The Get The Medications Right Institute (GTMRx) workgroups have developed a set of Tools from Our Experts to advocate for medication management reform. These tools are designed to be useful resources for all stakeholders, and we believe these will be vital to optimize medication use through CMM in practice. We encourage you to share them, post them and use them to advocate for medication management reform. Get a sneak peek at these guidance documents here. (Note: In January, website enhancements will include a sortable feature.)
The GTMRx’s Precision Medicine Enablement via Advanced Diagnostics Workgroup and Pharmacogenomics Payment and Policy Taskforce recently completed an evidence document that articulates the value of pharmacogenomics in the context of comprehensive medication management. In this blog post, Jill S. Bates, PharmD, MS, BCOP, FASHP. National PHASER pharmacy program manager for the Department of Veterans Affairs, offers insights into what the task force learned. Read it here.
In a just released episode, GTMRx executive director Katie Capps appeared on GenXy’s Precision Insights Podcast. The series consists of inspiring conversations around precision medicine with industry thought leaders and innovators where they share the most cutting-edge technologies, processes and initiatives in precision and personalized medicine. ?Katie discussed some common myths around CMM, how it differs from MTM, how PGx can be used to optimize medication and how we can integrate PGx into the CMM process to reap genomic and personalized medicine’s full benefits. Be sure to listen? here.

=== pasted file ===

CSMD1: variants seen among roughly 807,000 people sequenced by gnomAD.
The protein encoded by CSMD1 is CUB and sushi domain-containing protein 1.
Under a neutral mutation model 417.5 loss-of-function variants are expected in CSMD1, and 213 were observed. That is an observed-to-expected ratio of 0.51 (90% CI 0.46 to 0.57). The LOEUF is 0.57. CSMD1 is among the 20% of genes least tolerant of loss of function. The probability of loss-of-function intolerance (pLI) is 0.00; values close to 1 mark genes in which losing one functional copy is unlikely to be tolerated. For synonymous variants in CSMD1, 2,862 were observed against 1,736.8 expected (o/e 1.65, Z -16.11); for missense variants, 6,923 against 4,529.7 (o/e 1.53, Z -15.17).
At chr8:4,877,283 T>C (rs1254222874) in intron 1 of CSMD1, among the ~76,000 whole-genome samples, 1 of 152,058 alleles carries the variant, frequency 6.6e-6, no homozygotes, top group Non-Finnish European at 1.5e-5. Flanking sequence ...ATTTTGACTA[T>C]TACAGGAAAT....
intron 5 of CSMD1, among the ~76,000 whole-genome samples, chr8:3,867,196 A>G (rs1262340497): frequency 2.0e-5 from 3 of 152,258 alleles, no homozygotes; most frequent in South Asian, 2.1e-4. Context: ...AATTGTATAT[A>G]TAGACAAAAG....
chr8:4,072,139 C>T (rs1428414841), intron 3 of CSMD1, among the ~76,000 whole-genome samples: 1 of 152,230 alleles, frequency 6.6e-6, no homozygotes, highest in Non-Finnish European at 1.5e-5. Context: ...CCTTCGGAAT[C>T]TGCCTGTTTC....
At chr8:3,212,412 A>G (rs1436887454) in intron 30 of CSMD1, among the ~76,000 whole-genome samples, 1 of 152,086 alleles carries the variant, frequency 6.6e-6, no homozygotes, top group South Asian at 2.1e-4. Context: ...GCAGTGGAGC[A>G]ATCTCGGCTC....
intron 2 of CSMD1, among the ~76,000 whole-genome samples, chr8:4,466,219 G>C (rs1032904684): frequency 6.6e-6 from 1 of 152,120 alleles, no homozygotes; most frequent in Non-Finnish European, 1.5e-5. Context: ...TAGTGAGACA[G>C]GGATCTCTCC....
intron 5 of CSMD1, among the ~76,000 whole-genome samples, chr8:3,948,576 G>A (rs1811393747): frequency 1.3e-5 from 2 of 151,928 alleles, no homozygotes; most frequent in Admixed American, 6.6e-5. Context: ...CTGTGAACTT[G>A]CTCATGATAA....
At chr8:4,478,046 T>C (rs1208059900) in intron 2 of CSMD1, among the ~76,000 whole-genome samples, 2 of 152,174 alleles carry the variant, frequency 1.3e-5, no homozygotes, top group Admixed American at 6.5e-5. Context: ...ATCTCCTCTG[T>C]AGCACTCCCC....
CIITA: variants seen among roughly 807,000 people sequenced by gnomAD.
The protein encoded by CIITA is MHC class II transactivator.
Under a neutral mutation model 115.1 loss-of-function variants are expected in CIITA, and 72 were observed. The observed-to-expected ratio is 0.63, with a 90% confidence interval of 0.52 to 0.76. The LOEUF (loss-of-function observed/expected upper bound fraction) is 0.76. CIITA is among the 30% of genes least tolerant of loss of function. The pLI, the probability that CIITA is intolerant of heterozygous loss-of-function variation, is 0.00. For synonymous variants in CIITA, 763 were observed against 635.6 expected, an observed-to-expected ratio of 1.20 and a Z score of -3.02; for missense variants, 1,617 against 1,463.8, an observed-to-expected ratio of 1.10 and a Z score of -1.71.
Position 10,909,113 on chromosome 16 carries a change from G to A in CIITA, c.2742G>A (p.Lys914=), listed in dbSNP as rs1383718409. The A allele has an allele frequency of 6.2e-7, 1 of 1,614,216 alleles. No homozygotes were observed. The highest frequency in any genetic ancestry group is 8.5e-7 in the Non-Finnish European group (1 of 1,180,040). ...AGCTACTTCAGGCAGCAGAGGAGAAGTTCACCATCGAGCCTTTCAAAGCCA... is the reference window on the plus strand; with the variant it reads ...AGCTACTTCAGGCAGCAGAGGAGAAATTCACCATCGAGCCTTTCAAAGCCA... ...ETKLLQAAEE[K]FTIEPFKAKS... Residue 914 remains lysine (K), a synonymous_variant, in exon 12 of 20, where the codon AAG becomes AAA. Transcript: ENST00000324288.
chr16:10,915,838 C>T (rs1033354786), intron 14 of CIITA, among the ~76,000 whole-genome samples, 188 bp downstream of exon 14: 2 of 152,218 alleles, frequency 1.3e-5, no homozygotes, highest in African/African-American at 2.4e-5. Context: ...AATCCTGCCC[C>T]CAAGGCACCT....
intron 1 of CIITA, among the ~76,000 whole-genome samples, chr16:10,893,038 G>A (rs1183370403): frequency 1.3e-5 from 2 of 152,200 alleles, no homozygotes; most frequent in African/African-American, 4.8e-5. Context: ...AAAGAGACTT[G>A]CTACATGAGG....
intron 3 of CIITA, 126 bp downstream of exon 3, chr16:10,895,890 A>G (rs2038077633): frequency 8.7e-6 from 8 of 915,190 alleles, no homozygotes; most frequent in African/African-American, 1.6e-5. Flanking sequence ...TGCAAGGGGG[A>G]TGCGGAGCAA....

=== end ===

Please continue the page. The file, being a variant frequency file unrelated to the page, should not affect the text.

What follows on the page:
In November, 475 GTMRx signing members registered to attend our four-part Member Feedback series. These events showcased the tools developed from 140+ GTMRx experts on the following topics: how we pay, practice, use diagnostics and integrate technology. These tools are soon-to-be released guidance documents your organization can use to advocate for reform. Learn more about the events and watch the recordings here.
AmazonSmile is an easy way for 0.5% of your qualified purchases go to the GTMRx Foundation at no cost to you. And signing up is simple—go to smile.amazon.com and select “Get the Medications Right Foundation” as your charity of choice. If you prefer to directly donate instead, you can do so here.
Adding the foundation on AmazonSmile will help us continue to provide no cost educational webinars, issue briefs, weekly news briefs and promote the need for transformation of our current system of medication use through social media campaigns.
The GTMRx Institute is supported by our Founding Funders, Executive Members and Strategic Partners.
  See past issues of our weekly news brief here